Technology has made it possible to take photos and capture footage of space we could've only dreamed of a few decades back. But astronomers and amateur stargazers are facing a major issue affecting their ability to catch some stellar cosmic views: artificial light pollution.

According to a study published in the Journal of Environmental Management, very few places remain where the cosmos are visible without light interruption. As evidenced on the map, if you want unobstructed views of the sky, you should head to the rural midwest or northern Maine.

Hawaii and Alaska, which are not shown on the map, are two of a mere handful of places to offer up pristine skies and Hawaii, in particular is fighting to keep it that way. Currently, protestors are blocking the path to Mauna Kea, a dormant volcano and the highest peak throughout the Hawaiian islands, so that construction on the Thirty Meter Telescope (TMT) won't proceed.

Mauna Kea is sacred in Polynesian culture and the protests opposing the TMT have even gained support from actors Jason Momoa and Dwayne Johnson. The main reason scientists chose the peak as the official home for the TMT? It offers nearly 100 percent unobstructed views of the sky.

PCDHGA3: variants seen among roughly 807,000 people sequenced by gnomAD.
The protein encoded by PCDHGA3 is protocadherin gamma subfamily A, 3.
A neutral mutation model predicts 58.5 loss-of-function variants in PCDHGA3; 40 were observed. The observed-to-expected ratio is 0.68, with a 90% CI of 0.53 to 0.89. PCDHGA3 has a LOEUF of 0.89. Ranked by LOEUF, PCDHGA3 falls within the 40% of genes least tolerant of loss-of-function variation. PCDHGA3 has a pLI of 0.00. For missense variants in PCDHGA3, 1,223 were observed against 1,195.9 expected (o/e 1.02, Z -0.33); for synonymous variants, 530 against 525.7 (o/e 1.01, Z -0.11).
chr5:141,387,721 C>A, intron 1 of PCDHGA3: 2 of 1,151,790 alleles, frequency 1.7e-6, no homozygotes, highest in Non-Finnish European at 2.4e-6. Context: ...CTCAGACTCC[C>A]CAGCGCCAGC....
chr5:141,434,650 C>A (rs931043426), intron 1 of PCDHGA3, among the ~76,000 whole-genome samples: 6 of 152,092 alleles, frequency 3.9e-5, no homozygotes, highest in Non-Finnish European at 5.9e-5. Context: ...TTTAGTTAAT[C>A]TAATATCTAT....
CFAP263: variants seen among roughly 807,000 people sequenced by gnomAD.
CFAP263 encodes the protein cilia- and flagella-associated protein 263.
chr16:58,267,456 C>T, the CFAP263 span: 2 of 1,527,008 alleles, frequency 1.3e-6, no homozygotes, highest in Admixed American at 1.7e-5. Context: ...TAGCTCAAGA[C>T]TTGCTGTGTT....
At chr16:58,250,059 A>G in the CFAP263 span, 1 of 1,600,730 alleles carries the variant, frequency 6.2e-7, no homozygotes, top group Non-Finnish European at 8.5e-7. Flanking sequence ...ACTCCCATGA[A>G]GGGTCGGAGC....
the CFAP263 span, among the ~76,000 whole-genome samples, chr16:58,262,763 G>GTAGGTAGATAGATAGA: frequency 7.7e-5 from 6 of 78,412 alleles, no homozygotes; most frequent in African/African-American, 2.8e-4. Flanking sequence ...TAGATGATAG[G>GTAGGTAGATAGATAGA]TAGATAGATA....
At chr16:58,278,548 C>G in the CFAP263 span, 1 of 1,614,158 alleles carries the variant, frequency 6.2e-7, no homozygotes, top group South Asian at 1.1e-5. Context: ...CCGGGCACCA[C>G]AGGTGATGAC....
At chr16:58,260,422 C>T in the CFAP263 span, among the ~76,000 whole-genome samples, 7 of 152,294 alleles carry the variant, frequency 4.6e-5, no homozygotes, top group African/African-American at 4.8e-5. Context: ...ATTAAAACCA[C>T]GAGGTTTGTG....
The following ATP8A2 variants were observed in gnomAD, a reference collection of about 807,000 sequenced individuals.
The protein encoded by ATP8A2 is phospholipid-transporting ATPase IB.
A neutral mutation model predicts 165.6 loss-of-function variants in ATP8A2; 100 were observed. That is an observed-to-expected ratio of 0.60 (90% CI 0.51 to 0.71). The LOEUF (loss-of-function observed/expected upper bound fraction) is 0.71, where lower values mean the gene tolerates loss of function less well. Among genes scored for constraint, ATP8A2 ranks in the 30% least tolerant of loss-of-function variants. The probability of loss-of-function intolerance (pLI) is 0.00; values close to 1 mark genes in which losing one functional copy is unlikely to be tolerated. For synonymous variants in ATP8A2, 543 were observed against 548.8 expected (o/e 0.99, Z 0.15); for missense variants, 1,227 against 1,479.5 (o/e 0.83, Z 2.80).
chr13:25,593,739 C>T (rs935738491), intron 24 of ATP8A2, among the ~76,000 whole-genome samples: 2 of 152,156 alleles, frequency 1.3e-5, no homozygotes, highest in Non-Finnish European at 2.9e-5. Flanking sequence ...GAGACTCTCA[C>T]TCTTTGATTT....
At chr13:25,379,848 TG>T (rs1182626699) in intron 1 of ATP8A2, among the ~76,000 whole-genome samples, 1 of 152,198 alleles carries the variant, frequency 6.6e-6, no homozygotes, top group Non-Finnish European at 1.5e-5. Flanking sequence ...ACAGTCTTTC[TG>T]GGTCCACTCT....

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The biggest culprit in America is the District of Columbia, producing nearly 200,000 times more light pollution than the darkest place in the country, Yakutat, Alaska.

Science Alert reports that light pollution isn't just affecting our ability to view the stars but also our health—it throws off our circadian rhythm thanks to artificial light potentially messing with the body's melatonin production and may even lead to cancer. And it's not just humans; animals are feeling the effects of having too many lights on nearly all the time: their migratory patterns and sense of direction are being disrupted.

Another problem is the blue light emitted from LED bulbs—which many outdoor and public light fixtures use—travels farther into the atmosphere than non-LED lights adding even more disruptive artificial brightness to the sky.

The International Dark-Sky Association (IDA) is working to reduce light pollution by raising awareness of the issue and has even designated a portion of central Idaho as the country's first Dark Sky Reserve.

To find out more about IDA and what you can do to help make the skies clearer, this is a good place to start.